Pilates has a hard-core following. Its devotees credit the workouts for long, lean muscles, increased flexibility and a strong, flat core. Of course, getting a Pilates body is a labor of love. Its benefits happen over time and with regular, continuous practice.
At the beginning of your Pilates practice or at times when you increase the intensity of your routine, you may notice upward shifts in the number on your scale. In most cases, you can consider that shift a sign from your body that you're doing things right.
Pilates to Tone and Strengthen
Pilates is perhaps best known for the way it effectively tones and strengthens muscle. If you perform Pilates on a regular basis, you'll see and feel obvious muscle changes. In the beginning, as you start to build muscle, you may gain it faster than you lose fat. When this happens, your scale doesn't accurately reflect your success.
For example, if you lose one pound of fat but gain two pounds of muscle, your scale will show that you gained one pound. Use your body measurements and the way your clothes feel as a more accurate predictor of success in the beginning.
Read more: 10 Surprising Benefits of Pilates
Increased Muscle and Increased Appetite
All that increased muscle, plus other positive changes happening in your body, leads to increased metabolism. Increased metabolism means you burn calories faster, but it can also mean increased appetite. If you don't stay at a state where you burn more calories than you eat, you'll gain weight regardless of how much you exercise, according to the Centers for Disease Control and Prevention. Make sure increased appetite hasn't caused you to increase your calorie intake to the point of weight gain.
Read more: Top 10 Pilates Exercises
Overestimating Calorie Burn
Even though Pilates is an effective way to burn calories and build muscle, the actual number of calories burned during Pilates turns out to be relatively low. Cleveland Clinic estimated that you can burn 500 calories in one hour and thirty-five minutes of Pilates and 167 in thirty minutes. Considering that a 155-pound person can burn 372 calories in 30 minutes of swimming laps, according to Harvard Health, Pilates hovers at the modest end of the scale. If you overestimate the number of calories you burn through exercise, you may also overestimate the number of calories you can eat each day without gaining weight.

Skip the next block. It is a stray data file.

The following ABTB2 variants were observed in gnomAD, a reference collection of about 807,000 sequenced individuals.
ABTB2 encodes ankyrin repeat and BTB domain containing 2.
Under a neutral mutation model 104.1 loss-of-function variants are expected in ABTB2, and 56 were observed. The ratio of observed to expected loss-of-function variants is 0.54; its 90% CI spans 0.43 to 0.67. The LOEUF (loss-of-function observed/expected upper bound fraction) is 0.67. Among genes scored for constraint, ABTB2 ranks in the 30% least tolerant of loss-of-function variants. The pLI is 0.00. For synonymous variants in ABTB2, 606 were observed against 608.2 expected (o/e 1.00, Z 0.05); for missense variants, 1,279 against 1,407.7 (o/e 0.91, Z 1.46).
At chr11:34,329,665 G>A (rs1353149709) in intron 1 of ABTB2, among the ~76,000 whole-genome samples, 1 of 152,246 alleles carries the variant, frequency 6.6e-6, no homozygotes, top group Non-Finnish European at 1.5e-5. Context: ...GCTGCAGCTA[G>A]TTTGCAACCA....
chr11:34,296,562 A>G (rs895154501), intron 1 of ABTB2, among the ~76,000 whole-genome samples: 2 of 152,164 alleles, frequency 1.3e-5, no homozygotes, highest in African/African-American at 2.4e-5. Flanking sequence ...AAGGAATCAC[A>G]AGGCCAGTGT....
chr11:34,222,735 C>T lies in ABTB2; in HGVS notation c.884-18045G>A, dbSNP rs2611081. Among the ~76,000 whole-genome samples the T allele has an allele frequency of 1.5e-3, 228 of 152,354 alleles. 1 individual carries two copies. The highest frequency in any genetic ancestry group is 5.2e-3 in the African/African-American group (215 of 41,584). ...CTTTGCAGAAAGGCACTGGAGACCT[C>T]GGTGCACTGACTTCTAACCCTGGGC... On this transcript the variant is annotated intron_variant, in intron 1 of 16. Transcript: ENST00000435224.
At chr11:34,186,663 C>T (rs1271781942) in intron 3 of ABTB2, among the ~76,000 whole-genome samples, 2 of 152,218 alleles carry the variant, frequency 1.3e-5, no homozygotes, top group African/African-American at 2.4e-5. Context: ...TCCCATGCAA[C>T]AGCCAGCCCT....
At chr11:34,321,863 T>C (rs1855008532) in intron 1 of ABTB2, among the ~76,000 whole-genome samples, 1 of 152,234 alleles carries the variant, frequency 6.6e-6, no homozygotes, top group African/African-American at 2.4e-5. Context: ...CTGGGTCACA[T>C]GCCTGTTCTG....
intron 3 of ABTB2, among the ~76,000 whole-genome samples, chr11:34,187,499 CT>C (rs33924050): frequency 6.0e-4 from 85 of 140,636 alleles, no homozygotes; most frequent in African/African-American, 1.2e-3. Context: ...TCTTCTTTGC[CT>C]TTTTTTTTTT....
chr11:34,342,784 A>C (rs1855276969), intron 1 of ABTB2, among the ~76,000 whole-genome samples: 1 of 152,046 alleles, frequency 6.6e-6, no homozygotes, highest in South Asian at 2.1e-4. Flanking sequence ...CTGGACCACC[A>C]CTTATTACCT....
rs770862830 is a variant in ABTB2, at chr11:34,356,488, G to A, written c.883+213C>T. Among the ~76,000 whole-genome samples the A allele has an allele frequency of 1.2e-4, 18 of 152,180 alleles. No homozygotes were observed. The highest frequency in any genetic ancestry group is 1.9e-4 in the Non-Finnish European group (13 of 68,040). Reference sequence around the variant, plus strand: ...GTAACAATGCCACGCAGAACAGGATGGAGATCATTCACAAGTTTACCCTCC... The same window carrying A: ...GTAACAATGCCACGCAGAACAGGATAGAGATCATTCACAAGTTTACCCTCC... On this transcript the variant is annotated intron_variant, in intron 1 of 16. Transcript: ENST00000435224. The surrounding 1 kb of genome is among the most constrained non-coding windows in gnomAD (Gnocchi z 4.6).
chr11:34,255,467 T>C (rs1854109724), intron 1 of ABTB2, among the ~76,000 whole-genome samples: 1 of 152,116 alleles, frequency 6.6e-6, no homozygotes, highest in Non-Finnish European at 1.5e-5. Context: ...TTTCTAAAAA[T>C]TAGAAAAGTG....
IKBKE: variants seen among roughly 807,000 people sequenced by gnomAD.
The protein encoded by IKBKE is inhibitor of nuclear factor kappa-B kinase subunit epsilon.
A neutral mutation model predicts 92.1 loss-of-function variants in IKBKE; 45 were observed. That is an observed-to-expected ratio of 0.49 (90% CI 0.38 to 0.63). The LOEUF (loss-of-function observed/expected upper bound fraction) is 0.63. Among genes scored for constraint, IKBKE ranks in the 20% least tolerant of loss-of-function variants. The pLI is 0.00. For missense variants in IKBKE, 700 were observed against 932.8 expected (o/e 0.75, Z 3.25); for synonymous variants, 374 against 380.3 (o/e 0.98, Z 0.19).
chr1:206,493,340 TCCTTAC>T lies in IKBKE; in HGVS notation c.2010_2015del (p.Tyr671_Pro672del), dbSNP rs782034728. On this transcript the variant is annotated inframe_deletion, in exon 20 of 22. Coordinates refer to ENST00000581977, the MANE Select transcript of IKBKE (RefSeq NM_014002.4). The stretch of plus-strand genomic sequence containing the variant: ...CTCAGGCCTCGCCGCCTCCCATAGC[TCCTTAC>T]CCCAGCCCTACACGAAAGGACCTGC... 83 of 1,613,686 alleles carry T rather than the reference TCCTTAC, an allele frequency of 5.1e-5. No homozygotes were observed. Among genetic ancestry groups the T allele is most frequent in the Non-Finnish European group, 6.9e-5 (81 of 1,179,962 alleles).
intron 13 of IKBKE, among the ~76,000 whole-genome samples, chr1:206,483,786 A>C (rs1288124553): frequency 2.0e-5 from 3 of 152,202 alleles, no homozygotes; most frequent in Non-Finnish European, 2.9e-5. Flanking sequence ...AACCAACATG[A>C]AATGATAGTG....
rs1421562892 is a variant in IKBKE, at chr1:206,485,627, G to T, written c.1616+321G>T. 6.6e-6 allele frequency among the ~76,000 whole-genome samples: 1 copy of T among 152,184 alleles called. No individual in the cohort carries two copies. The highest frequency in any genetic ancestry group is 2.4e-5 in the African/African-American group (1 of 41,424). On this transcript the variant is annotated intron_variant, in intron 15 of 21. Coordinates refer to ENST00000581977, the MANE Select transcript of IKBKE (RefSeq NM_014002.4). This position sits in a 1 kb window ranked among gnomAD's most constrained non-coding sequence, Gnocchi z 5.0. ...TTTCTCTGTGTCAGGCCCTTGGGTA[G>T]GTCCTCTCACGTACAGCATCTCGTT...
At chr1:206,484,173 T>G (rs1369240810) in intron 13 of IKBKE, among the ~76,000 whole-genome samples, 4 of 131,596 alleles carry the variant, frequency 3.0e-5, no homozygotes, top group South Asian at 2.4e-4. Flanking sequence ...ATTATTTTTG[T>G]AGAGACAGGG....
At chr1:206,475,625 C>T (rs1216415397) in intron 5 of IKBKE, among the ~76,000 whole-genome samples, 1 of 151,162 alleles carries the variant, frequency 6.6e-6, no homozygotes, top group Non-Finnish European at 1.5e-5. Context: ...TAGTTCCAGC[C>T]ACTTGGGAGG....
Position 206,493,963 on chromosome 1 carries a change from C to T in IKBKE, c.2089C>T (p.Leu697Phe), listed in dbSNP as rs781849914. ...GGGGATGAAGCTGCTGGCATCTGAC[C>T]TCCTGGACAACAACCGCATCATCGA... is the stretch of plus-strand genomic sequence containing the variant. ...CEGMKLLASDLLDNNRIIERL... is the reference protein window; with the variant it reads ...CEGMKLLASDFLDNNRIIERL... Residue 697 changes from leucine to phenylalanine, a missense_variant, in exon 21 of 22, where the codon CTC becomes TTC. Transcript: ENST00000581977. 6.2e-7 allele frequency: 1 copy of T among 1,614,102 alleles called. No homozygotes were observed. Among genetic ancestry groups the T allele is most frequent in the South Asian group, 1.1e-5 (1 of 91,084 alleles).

Water Retention and Dehydration
Pilates can be extraordinarily challenging. Even the exercises that feel easy call on your muscles to work extra hard. If you don't hydrate before, during and after Pilates, you could become dehydrated. When you're dehydrated, your body may retain water to compensate, which can show up on the scale as weight gain. Dehydration can also affect your electrolyte balance to the point that your cells and tissues swell according to Mayo Clinic. Increasing fluid intake and continuing to exercise is the best way to relieve water weight gain.
- Centers for Disease Control and Prevention: "Finding a Balance"
- U.S. Department of Health and Human Services: "A Healthier You"
- Harvard Health Publishing: “Calories Burned in 30 Minutes for People of Three Different Weights”
- ClevelandClinic.org: "16 Ways to Burn Calories: Which Is Best for You?"
- MayoClinic.org: "Water: How Much Should You Drink Every Day?"
- American Council on Exercise: Pilates Primer;